Archaeologists Digging at Northern Neck Site
Archeology isn’t just limited to ancient Egypt. Increasingly archeologists are carefully exploring the past at historic sites in Virginia. A two-week dig is underway at Menokin, in the Northern Neck.
The crew from DATA Investigations of Gloucester is literally up to its elbows in historic debris, as it painstakingly sifts through what was the foundation of Menokin. Menokin is probably best known to many as the venue for the annual Menokin Music Festival – the 7th annual festival is May 8th. But to history buffs it’s the home of Francis Lightfoot Lee, a signer of the Declaration of Independence. The home was abandoned in the 1960’s and much of it eventually collapsed into the cellar. The Menokin Foundation is working to explore the ruin with the aim of eventually restoring it. First, using a grant from the Roller-Bottimore Foundation in Richmond, they are combing through the piles of rubble for every scrap of material from the house. DATA Investigations’ Thane Harpole has the task of separating ordinary debris from historic debris, a task that can go quickly, or slowly. The focus at the moment is on a search for pieces of 18th century woodwork.
Harpole: I got here, we were working really quickly because there wasn’t a lot of large stones. And it wasn’t very high, so we just took it down very quickly and screened it, and then you get other areas which are more sensitive. Like here I’m finding, I think, part of a door panel, and so this really slows you down.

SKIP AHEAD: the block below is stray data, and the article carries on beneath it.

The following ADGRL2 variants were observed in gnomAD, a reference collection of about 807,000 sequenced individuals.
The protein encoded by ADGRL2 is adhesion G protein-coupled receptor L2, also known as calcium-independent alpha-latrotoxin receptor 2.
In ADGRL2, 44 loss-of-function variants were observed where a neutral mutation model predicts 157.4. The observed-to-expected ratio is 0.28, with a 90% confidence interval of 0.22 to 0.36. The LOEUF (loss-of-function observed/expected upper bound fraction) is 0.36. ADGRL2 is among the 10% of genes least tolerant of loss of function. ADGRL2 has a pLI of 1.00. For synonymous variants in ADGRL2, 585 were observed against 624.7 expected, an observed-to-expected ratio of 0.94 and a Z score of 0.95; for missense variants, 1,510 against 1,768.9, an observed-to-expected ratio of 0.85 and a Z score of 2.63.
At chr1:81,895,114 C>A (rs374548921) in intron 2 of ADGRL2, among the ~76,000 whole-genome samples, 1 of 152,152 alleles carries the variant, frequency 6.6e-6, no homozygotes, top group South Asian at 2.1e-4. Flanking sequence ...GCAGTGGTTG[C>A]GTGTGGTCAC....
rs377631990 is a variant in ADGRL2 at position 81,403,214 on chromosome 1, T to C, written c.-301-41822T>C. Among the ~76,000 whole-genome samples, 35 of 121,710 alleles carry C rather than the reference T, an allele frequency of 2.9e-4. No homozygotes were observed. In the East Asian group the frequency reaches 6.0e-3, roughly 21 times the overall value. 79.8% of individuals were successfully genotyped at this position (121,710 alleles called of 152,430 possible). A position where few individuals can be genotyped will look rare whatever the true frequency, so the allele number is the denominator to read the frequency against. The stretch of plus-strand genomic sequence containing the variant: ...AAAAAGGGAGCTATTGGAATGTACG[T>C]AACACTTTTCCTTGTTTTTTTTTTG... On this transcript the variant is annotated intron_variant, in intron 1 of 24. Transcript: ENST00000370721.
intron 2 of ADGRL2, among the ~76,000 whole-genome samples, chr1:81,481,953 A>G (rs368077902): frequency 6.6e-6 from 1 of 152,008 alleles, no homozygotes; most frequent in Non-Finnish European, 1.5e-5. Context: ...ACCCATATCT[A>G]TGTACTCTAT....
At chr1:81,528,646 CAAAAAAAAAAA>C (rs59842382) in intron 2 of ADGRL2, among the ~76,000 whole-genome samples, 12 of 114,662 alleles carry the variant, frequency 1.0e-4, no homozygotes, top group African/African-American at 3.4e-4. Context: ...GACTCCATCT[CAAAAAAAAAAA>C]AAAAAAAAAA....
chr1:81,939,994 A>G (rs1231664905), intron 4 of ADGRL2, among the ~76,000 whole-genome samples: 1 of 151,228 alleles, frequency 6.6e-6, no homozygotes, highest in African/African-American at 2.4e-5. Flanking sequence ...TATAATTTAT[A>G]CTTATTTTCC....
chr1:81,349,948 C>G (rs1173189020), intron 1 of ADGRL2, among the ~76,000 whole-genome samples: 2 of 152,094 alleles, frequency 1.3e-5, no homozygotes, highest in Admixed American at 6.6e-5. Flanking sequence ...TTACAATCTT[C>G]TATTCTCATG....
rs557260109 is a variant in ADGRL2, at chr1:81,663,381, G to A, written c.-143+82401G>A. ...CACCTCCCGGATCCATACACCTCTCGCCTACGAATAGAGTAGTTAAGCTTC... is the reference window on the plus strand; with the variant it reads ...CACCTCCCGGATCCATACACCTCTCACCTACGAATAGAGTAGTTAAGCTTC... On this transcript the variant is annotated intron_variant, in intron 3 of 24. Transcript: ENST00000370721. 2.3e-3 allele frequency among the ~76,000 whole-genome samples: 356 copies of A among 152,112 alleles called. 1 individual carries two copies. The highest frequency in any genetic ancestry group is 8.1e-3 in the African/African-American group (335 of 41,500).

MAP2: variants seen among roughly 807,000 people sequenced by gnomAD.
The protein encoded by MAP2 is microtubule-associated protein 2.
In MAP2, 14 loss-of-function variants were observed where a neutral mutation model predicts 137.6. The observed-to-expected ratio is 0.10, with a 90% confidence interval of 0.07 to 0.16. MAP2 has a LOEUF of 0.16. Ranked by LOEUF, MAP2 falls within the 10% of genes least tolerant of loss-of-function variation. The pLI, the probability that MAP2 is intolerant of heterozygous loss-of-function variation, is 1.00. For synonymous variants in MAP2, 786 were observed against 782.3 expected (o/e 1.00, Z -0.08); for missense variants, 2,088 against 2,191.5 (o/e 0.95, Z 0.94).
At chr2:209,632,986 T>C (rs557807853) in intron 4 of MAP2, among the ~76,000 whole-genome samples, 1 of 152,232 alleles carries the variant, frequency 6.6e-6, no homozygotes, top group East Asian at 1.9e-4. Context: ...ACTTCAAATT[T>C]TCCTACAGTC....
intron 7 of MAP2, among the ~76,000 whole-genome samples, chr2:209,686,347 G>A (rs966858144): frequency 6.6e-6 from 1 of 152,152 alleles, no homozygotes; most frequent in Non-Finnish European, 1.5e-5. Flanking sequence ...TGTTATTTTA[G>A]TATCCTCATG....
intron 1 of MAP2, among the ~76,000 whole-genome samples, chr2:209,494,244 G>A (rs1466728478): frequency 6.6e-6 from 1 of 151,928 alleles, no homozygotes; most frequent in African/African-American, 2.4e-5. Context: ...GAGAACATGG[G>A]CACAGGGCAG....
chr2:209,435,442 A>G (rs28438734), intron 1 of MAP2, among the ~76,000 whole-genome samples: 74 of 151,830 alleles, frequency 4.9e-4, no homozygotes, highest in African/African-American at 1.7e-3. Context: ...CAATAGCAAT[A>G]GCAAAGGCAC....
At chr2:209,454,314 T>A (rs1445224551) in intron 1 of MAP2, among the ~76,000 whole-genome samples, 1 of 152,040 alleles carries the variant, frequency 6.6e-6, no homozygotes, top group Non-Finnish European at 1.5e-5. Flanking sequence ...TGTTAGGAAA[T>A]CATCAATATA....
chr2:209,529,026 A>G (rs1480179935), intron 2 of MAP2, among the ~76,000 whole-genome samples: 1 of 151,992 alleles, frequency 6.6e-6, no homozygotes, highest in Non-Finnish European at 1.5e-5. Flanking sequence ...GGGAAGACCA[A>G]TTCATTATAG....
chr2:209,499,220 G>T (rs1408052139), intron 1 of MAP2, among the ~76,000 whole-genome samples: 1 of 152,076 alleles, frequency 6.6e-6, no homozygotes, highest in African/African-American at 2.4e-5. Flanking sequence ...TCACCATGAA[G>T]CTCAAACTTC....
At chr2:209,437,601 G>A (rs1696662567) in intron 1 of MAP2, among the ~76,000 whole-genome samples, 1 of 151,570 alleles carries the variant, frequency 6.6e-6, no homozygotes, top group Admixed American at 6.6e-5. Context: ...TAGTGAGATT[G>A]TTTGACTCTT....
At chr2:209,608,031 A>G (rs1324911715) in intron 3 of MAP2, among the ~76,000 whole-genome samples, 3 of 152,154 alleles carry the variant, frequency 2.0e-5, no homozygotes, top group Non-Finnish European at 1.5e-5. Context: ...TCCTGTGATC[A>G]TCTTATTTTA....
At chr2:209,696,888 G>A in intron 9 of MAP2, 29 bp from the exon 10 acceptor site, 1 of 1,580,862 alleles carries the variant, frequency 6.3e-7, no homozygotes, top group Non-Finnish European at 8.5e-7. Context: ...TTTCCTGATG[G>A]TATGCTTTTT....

Huffman: How do you recognize that as a door panel?
Harpole: Well, in this case we were finding little pieces of painted trim and I wasn’t sure what they were. But here I have a larger section – you can actually see the edge here for a raised panel, the center part of a raised panel door, you have that cut edge, and there’s actually the edge of the piece, and the other edge is probably in here, so it’s much larger than any of the trim, any of the crown molding or chair rails.
The crew is extracting every bit of building materials – both exterior and interior – that it can find. So that it can be returned to the restored house at some point, every piece of debris – including stones – gets cataloged by Data Investigations’ Jen Osbourn.
Osbourn: What we’re doing is, all of the decorative stone here gets mapped in place, using a total fish which we have positioned up there, and once it is mapped, it gets a number. Every different rock has a particular number. Then it gets tagged and extracted from the building very carefully, and these are quite heavy. We are very careful about that. And then once they’re out here, they’re all grouped according to function, so these two pallets right here are all window stones. And we have other pallets over there that are belt course stones and coins.
The objective of all of this, of course, is to bring this home, now a ruin, back to life, to preserve it for its historical value, as well as for what it can teach today’s architects about 18th century building techniques.
Mark Huffman, WCVE News, Richmond County